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  • suzjennifer62

“There are shortcuts to happiness, and dancing is one of them.” —Vicki Baum

If you are looking for the secret to happiness, it’s dancing. The best dancers are not the ones who can execute the steps with absolute perfection. The successful dancer is one whose inspiration comes from within.


An author or poet can write beautiful stories and describe images that bring out emotions. They can preserve and share them forever in black ink on white paper. A row of books on a shelf is a tangible symbol of an author’s passion. Artists use colors instead of words to tell their stories and convey their messages of joy and beauty, and when they finish, they have a masterpiece to be collected and kept. Hanging on walls, sometimes in galleries or museums, the artist knows his works are seen. Without inspiration, writers and painters cannot thrive.


A dancer only has their next routine, and when it’s done, it disappears. Dancers perform for recognition of their dedication. They show their skill and ability when movement and music come together in such balance, the audience can’t tell which is leading the performance. Is the dancer moving to the music, or is the dancer playing the notes?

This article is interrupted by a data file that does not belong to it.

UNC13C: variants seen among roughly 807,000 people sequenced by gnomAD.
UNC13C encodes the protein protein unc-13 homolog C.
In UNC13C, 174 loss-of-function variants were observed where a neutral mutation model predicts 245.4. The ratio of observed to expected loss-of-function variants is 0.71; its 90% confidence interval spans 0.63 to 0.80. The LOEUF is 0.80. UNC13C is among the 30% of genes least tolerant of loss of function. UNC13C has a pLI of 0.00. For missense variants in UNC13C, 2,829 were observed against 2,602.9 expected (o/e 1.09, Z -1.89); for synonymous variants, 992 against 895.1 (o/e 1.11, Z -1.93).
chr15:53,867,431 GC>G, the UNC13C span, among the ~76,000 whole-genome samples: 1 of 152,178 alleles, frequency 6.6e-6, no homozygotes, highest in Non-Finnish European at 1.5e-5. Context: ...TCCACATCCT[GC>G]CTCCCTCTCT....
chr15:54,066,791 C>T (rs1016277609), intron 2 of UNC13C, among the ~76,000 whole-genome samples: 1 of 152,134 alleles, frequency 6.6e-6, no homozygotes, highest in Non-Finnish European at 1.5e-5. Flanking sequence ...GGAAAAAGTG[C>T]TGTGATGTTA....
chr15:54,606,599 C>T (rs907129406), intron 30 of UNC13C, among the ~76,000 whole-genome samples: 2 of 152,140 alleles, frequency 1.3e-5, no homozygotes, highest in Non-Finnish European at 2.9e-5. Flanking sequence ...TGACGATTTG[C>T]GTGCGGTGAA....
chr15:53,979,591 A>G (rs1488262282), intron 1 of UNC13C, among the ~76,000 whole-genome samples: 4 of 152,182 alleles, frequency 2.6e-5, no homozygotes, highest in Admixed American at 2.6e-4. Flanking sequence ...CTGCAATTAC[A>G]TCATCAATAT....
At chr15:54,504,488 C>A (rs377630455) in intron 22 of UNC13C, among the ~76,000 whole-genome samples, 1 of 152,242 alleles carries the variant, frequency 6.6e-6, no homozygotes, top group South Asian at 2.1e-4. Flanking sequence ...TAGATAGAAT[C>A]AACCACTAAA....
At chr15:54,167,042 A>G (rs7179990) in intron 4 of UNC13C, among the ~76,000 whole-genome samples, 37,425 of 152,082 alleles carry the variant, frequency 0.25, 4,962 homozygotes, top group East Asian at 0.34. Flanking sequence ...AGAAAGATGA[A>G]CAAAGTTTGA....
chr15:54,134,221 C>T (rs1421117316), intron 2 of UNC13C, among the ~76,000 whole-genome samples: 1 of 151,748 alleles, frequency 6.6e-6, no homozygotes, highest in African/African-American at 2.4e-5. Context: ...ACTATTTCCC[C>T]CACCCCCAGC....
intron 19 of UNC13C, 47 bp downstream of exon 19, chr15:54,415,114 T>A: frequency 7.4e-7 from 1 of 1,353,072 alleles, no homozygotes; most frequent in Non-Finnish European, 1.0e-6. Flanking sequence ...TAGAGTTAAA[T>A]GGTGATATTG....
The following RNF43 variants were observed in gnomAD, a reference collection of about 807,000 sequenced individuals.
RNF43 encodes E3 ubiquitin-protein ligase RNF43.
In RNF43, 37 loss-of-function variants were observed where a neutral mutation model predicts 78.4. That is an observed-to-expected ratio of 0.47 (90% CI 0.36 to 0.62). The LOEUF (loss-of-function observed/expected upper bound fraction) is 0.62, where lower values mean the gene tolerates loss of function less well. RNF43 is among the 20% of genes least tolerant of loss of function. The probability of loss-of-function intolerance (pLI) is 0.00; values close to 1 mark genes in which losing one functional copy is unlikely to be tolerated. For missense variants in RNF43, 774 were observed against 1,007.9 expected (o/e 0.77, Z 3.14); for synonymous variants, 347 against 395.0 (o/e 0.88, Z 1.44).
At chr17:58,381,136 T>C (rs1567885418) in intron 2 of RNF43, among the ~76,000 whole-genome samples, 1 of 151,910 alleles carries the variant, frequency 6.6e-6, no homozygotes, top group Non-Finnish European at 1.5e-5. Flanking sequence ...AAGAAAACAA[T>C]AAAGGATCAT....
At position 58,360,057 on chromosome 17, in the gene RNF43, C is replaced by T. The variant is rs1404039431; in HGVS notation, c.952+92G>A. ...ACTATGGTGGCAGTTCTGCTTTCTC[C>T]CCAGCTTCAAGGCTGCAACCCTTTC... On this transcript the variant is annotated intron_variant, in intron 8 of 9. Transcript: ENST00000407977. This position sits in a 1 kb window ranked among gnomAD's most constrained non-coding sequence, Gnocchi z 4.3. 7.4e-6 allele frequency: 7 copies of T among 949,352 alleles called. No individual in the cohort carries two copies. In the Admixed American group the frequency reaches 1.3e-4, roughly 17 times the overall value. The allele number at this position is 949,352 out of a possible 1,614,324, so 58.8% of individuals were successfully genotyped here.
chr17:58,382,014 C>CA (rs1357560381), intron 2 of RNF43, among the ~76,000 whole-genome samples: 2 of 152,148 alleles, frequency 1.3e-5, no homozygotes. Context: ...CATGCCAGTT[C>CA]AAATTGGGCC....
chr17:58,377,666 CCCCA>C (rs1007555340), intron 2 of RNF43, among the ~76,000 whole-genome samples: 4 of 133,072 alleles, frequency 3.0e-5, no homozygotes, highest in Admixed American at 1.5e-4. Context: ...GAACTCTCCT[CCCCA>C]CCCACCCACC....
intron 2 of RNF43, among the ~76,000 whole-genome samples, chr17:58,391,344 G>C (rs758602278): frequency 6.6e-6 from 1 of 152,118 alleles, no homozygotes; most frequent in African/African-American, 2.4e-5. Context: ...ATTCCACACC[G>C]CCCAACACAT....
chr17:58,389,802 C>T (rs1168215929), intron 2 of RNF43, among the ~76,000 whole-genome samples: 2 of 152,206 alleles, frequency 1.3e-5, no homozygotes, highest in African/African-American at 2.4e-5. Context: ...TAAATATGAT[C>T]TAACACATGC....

Each performance is a gift. It is magic, and when it’s over, those moves and the music are gone. There is no book or painting, no record of what just happened. Even a video of the dance doesn’t portray the emotion the dancer felt while performing, or the connection the audience felt while watching. Memory is the only repository for the source of inspiration. The elusive dance, and the sentiments evoked, cannot be captured in any book, painting, or record.


For dancers, authors, and artists, it is about expression. It is about showing strength through vulnerability. Allowing your poem or painting or dance moves to be seen by others is no easy concession. The insecurity runs across the board with a grand sweep. When considering the low levels of self-esteem on average among artists, and authors, and dancers, the emotional highs and lows are easy to comprehend. With their passion to create comes the drive to be perfect. And since things rarely are perfect one hundred percent of the time, disappointment lurks around every corner. We who enjoy nose work are not unlike dancers in every way I have mentioned above.